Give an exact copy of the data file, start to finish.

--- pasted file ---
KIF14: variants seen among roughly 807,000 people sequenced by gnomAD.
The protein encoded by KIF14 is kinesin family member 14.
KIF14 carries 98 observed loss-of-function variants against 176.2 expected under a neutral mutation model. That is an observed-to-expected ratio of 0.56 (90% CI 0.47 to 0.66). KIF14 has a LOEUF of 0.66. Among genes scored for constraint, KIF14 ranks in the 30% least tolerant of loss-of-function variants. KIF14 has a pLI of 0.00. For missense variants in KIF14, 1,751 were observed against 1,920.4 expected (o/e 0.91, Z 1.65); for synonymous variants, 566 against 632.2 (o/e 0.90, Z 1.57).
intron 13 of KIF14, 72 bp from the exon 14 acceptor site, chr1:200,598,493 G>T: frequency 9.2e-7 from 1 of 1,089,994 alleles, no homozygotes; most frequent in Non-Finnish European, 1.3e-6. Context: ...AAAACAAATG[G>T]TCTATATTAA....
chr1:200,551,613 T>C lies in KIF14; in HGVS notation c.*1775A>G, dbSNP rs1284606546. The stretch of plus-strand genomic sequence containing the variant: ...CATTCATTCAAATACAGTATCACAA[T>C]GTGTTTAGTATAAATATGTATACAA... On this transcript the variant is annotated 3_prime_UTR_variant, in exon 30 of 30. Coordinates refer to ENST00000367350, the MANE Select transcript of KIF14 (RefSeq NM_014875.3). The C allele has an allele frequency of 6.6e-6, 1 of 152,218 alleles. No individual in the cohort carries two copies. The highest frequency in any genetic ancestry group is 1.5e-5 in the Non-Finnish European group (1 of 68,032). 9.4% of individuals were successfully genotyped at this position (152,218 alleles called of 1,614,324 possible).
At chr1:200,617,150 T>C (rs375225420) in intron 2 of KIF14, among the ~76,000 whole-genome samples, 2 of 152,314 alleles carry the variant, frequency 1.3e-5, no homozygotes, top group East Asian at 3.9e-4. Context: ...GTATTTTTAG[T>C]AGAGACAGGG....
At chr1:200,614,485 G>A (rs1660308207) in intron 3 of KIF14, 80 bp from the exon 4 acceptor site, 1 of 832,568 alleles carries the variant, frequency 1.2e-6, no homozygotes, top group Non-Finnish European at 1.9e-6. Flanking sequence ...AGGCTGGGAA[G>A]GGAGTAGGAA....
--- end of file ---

KIF14: variants seen among roughly 807,000 people sequenced by gnomAD.
The protein encoded by KIF14 is kinesin family member 14.
KIF14 carries 98 observed loss-of-function variants against 176.2 expected under a neutral mutation model. That is an observed-to-expected ratio of 0.56 (90% CI 0.47 to 0.66). KIF14 has a LOEUF of 0.66. Among genes scored for constraint, KIF14 ranks in the 30% least tolerant of loss-of-function variants. KIF14 has a pLI of 0.00. For missense variants in KIF14, 1,751 were observed against 1,920.4 expected (o/e 0.91, Z 1.65); for synonymous variants, 566 against 632.2 (o/e 0.90, Z 1.57).
intron 13 of KIF14, 72 bp from the exon 14 acceptor site, chr1:200,598,493 G>T: frequency 9.2e-7 from 1 of 1,089,994 alleles, no homozygotes; most frequent in Non-Finnish European, 1.3e-6. Context: ...AAAACAAATG[G>T]TCTATATTAA....
chr1:200,551,613 T>C lies in KIF14; in HGVS notation c.*1775A>G, dbSNP rs1284606546. The stretch of plus-strand genomic sequence containing the variant: ...CATTCATTCAAATACAGTATCACAA[T>C]GTGTTTAGTATAAATATGTATACAA... On this transcript the variant is annotated 3_prime_UTR_variant, in exon 30 of 30. Coordinates refer to ENST00000367350, the MANE Select transcript of KIF14 (RefSeq NM_014875.3). The C allele has an allele frequency of 6.6e-6, 1 of 152,218 alleles. No individual in the cohort carries two copies. The highest frequency in any genetic ancestry group is 1.5e-5 in the Non-Finnish European group (1 of 68,032). 9.4% of individuals were successfully genotyped at this position (152,218 alleles called of 1,614,324 possible).
At chr1:200,617,150 T>C (rs375225420) in intron 2 of KIF14, among the ~76,000 whole-genome samples, 2 of 152,314 alleles carry the variant, frequency 1.3e-5, no homozygotes, top group East Asian at 3.9e-4. Context: ...GTATTTTTAG[T>C]AGAGACAGGG....
At chr1:200,614,485 G>A (rs1660308207) in intron 3 of KIF14, 80 bp from the exon 4 acceptor site, 1 of 832,568 alleles carries the variant, frequency 1.2e-6, no homozygotes, top group Non-Finnish European at 1.9e-6. Flanking sequence ...AGGCTGGGAA[G>A]GGAGTAGGAA....